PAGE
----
Scientists from the University of Eastern Finland found that taking a much higher dose of vitamin D than recommended for five years did not affect death risk or the risks of heart disease or cancer in older men and women.
The research is published in The American Journal of Clinical Nutrition and was conducted by Jyrki K Virtanen et al.
In population studies, low levels of vitamin D in the body have been linked to an increased risk of many chronic diseases as well as premature death.
However, it cannot be directly deduced from such observational studies whether the use of vitamin D supplementation can reduce the risk of disease or death.
In the study, researchers examined data from 2,495 participants (men 60 years or older and women 65 years or older) for five years.
These people either joined the placebo group or the groups that received either 40 or 80 micrograms (1600 or 3200 IU) of vitamin D3 per day.
All participants were free of heart disease and cancer at the start of the trial and were allowed to use their own vitamin D supplement of up to 20 micrograms (800 IU) per day.
During the five years of the trial, 119 participants developed heart disease, 129 people were diagnosed with cancer and 19 died.
There was no big difference in the number of events between the groups. The vitamin D doses proved to be safe as no differences in side effects were observed between the groups.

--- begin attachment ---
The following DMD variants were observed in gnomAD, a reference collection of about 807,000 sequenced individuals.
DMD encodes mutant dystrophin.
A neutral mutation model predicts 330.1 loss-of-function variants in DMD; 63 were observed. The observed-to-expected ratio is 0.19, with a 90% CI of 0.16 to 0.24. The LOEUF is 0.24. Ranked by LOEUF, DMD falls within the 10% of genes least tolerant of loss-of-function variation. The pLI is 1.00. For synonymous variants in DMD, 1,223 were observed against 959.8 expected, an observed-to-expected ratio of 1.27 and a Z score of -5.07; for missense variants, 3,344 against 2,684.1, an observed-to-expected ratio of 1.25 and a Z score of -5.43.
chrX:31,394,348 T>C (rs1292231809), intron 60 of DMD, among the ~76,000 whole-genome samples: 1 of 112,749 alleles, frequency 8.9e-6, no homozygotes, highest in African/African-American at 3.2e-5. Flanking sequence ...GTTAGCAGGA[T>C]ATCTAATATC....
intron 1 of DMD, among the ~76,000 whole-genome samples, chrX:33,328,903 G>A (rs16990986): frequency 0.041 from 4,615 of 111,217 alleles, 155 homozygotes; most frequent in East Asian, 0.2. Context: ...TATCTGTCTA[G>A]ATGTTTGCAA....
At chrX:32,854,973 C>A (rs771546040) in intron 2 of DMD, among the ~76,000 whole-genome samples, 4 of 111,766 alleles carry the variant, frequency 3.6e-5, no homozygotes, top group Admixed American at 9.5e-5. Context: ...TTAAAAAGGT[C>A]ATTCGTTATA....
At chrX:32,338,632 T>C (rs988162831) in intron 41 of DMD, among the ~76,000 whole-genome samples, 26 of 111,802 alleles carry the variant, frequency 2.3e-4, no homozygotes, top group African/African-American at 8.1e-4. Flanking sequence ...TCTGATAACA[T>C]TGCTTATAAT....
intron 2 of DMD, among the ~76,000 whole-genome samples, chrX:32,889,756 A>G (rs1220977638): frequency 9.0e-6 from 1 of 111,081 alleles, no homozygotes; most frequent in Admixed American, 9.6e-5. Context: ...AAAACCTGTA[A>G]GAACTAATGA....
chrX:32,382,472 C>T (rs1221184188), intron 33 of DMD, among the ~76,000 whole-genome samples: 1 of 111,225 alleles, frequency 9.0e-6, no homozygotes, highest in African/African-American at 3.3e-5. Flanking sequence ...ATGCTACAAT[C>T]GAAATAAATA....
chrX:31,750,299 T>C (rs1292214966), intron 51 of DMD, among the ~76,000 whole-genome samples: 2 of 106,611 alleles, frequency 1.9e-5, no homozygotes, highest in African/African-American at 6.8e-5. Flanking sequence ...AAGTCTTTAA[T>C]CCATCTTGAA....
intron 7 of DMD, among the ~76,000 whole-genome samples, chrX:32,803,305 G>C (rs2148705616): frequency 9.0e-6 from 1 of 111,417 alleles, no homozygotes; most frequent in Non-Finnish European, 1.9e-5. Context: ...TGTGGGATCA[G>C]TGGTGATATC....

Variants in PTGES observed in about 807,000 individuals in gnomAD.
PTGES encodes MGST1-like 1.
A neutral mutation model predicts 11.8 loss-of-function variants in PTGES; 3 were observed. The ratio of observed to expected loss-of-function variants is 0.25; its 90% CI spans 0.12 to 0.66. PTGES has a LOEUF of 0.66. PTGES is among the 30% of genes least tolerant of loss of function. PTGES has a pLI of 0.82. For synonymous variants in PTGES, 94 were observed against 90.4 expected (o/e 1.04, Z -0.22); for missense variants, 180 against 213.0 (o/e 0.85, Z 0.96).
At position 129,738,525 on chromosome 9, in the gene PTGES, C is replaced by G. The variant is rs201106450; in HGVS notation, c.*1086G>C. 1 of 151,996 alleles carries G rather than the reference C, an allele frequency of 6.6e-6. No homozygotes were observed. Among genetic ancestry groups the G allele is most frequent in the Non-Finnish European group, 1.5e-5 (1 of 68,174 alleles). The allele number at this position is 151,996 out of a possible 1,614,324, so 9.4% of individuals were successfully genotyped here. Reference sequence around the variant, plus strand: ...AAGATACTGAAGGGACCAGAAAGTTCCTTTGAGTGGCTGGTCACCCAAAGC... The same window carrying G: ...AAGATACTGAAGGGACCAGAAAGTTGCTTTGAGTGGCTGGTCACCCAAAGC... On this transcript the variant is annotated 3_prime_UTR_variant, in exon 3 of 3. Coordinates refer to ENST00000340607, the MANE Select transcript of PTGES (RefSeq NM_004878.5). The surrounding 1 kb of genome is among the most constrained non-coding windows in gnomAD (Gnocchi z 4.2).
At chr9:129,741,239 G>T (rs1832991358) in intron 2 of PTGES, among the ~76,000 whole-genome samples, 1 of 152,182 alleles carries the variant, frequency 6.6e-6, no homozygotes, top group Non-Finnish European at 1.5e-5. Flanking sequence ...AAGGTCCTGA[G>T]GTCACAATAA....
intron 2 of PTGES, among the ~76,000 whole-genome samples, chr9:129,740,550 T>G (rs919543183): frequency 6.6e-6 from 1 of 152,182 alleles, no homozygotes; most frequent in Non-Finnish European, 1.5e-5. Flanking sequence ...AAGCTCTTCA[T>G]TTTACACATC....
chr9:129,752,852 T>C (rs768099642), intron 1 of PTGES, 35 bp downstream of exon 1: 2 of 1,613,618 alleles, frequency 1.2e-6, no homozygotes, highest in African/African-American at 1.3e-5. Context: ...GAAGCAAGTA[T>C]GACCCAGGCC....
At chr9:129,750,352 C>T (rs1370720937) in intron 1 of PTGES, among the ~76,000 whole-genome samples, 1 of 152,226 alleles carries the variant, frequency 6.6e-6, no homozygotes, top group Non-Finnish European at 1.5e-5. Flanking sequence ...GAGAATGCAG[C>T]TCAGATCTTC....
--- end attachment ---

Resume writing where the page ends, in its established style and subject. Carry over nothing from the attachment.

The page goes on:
The team also found at the beginning the mean blood vitamin D (calcidiol) concentration, was 75 nmol/L (30 ng/mL).
After one year, the mean calcidiol concentration was 100 nmol/L (40 ng/mL) in the group taking 40 micrograms of vitamin D per day and 120 nmol/L (48 ng/mL) in the group taking 80 micrograms of vitamin D per day.
The findings are well in line with other similar studies that have shown that taking higher doses of vitamin D than recommended for many years does not have a big effect on the risk of developing heart disease or cancer if the body’s vitamin D status is already adequate.
Securing one’s vitamin D intake with vitamin D supplements is still recommended, especially during the winter, if the diet is low in sources of vitamin D, such as fish or vitamin D-fortified foods.
However, the study does not support the use of large vitamin D doses for the prevention of heart diseases or cancer.
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